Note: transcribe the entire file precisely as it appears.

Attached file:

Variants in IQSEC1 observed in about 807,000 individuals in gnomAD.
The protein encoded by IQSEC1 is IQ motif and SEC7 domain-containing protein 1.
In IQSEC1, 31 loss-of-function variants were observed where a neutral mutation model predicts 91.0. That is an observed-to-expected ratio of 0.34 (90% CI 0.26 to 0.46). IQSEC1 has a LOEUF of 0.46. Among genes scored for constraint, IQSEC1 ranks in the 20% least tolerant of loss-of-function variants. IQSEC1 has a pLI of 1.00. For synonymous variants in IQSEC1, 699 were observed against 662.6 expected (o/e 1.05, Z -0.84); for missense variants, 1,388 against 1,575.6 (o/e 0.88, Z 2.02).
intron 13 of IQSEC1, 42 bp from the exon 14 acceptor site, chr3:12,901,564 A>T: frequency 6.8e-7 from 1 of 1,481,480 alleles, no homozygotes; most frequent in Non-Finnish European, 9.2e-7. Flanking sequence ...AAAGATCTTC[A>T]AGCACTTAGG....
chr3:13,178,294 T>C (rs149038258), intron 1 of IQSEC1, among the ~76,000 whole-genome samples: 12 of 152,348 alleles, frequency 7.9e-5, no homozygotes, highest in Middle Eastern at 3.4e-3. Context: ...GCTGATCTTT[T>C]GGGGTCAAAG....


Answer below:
Variants in IQSEC1 observed in about 807,000 individuals in gnomAD.
The protein encoded by IQSEC1 is IQ motif and SEC7 domain-containing protein 1.
In IQSEC1, 31 loss-of-function variants were observed where a neutral mutation model predicts 91.0. That is an observed-to-expected ratio of 0.34 (90% CI 0.26 to 0.46). IQSEC1 has a LOEUF of 0.46. Among genes scored for constraint, IQSEC1 ranks in the 20% least tolerant of loss-of-function variants. IQSEC1 has a pLI of 1.00. For synonymous variants in IQSEC1, 699 were observed against 662.6 expected (o/e 1.05, Z -0.84); for missense variants, 1,388 against 1,575.6 (o/e 0.88, Z 2.02).
intron 13 of IQSEC1, 42 bp from the exon 14 acceptor site, chr3:12,901,564 A>T: frequency 6.8e-7 from 1 of 1,481,480 alleles, no homozygotes; most frequent in Non-Finnish European, 9.2e-7. Flanking sequence ...AAAGATCTTC[A>T]AGCACTTAGG....
chr3:13,178,294 T>C (rs149038258), intron 1 of IQSEC1, among the ~76,000 whole-genome samples: 12 of 152,348 alleles, frequency 7.9e-5, no homozygotes, highest in Middle Eastern at 3.4e-3. Context: ...GCTGATCTTT[T>C]GGGGTCAAAG....